In other words, if you start with a very light, highly exposed base photo, it is very difficult to avoid an overblown, overexposed double exposure result.
It’s much easier and usually looks nicer to start with a relatively dark, lowkey scene and layer it with lighter details.
2. Try a Double Portrait
Double exposures can look incredibly interesting when both frames feature the same subject. A cool example is a double portrait, like the one above.
Instead of focusing on bringing out your subject’s best singular features, try to approach the double portrait as a means of highlighting some of the many facets of what makes your subject unique.
3. Work With Silhouettes
You might notice that it’s hard to keep colors and solid shapes from clashing with each other while composing multiple exposures.
Again, the best thing you can do is to think more carefully about your layering.
Try combining thin, fine shapes including silhouettes. Larger subject bodies can take up too much of the frame and make it look messy.
4. Play With Shadows
Just like silhouettes, shadows can also make for really interesting, tasteful multiple exposures.
This doesn’t have to mean anything grand! Even a landscape scene or a still life with a few shadows from another scene superimposed over it can be stunning if done right.
5. Use Double Exposure to Communicate Motion
Multiple exposures can help communicate the movement of your subject in a unique, surrealist way.
This is one of the harder elements to get just right. At the same time, a little bit of practice can go a long way, so we encourage you to experiment!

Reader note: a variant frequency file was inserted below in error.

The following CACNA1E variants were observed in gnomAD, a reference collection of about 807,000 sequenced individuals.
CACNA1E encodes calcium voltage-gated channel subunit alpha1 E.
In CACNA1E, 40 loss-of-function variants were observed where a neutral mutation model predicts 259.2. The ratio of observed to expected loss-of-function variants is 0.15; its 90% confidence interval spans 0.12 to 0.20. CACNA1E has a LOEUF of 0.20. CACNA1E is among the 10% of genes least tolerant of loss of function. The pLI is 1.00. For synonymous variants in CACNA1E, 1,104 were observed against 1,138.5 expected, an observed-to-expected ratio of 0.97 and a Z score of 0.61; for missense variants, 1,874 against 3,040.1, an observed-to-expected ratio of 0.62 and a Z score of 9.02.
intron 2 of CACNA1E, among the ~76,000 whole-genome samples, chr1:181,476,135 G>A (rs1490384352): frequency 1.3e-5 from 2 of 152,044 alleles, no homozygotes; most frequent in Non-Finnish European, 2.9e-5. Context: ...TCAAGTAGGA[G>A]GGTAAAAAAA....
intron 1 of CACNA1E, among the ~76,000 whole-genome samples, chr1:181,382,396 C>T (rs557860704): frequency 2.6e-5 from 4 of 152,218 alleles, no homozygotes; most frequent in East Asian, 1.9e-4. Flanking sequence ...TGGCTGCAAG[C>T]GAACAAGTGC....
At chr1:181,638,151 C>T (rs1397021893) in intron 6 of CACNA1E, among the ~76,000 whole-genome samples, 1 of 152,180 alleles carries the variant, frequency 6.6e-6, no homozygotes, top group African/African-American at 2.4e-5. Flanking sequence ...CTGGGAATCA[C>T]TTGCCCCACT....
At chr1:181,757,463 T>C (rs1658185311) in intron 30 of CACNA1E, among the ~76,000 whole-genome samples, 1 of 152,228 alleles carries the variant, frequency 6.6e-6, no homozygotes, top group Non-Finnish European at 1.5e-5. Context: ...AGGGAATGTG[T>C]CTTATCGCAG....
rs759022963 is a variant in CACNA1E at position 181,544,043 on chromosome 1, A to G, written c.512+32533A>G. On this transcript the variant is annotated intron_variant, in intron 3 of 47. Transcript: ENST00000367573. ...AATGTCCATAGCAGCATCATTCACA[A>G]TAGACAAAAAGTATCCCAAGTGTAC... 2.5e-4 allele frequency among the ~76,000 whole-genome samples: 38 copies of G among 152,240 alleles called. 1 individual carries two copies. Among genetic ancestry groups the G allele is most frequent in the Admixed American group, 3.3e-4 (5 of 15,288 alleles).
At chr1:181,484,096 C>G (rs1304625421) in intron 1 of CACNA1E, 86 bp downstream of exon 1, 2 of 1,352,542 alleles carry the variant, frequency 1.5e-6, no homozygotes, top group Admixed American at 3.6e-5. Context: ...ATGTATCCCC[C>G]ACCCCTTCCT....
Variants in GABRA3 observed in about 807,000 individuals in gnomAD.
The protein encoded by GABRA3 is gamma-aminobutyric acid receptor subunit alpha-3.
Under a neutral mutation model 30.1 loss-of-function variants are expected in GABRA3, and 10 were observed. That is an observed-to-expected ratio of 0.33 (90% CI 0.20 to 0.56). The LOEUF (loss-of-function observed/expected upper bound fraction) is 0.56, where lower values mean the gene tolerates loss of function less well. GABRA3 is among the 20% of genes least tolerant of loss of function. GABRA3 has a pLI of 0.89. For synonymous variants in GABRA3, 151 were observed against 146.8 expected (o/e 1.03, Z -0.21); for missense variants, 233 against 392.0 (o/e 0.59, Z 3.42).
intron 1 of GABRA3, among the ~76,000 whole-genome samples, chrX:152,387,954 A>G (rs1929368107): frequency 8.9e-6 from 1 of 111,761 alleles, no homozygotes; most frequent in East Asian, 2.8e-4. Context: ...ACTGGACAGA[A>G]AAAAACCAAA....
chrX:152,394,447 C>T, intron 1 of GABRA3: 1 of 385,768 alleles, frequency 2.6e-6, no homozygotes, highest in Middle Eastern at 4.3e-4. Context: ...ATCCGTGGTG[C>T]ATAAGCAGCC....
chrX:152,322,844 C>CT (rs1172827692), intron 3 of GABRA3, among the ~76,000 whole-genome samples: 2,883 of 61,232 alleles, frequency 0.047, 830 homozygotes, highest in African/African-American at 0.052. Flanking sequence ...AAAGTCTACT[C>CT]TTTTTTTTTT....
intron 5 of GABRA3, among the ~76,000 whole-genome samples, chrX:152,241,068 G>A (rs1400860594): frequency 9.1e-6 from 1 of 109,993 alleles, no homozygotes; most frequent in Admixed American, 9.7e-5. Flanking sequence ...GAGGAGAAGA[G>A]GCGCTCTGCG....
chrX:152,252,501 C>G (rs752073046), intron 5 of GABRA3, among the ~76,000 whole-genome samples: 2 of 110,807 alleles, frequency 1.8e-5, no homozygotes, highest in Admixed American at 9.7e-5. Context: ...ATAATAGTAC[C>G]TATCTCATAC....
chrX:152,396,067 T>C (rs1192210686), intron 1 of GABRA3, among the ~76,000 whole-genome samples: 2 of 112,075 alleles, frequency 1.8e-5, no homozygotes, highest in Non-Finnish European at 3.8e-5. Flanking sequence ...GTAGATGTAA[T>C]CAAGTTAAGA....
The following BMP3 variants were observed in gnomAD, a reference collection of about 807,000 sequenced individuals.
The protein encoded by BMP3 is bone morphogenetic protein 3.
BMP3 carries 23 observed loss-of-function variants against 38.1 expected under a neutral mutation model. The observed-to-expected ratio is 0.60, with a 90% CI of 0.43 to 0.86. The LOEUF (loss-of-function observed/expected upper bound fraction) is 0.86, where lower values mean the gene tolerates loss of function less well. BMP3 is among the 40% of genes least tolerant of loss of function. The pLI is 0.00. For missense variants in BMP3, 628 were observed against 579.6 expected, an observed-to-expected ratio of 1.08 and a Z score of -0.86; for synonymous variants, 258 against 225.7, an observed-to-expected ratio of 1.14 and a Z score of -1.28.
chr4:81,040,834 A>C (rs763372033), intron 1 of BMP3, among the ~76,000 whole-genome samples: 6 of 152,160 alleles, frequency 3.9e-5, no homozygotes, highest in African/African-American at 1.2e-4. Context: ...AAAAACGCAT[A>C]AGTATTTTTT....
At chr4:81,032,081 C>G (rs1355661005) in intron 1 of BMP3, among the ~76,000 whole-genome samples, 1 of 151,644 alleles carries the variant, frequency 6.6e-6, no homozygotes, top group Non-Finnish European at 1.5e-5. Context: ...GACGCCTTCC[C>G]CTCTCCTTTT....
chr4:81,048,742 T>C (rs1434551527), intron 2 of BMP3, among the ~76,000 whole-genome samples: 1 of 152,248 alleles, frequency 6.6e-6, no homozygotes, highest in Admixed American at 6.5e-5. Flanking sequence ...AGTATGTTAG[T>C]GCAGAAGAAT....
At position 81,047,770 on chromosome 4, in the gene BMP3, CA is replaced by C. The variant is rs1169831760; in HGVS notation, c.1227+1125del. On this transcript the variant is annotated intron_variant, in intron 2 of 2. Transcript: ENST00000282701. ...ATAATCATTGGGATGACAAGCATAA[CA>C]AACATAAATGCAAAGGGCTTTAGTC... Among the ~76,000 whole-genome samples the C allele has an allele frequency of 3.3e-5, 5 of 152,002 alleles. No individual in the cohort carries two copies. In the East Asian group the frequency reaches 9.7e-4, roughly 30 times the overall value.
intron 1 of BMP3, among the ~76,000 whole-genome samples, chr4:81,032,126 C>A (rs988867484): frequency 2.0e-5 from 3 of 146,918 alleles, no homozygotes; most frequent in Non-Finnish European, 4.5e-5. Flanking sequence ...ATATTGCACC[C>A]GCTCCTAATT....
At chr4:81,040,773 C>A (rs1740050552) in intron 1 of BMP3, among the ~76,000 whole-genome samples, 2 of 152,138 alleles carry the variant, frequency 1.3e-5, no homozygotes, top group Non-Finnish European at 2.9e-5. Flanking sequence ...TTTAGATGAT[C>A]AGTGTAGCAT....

Consider a double portrait of a dancer as an example, like above. Note how the photographer used a slow shutter speed for only one of the two exposures. This way, they visualized the dancer’s steps almost as though they were moving within the photograph in real-time.
6. Make Use of Subtle Changes
The differences between your double exposure images don’t have to be drastic. In fact, it can be artistically more challenging yet technically more approachable to focus on finer contrasts and small elements of change.
Think about layering two exposures of the same environment or subject at different times of day, or in different lighting, clothing, weather conditions, and so on.
We hope that this introduction to the world of double and multiple-exposure photography serves to pique your curiosity and allow you to begin experimenting artistically and professionally with this technique.
Not only can double exposures be used to great effect as a narrative element, but they are also useful for lending an air of surrealism to your compositions.
Now, we would like to hear from you! What have you used double exposures for in the past? Which kind of multiple exposure is your favorite? What did we miss? Feel free to let us know in the comments below!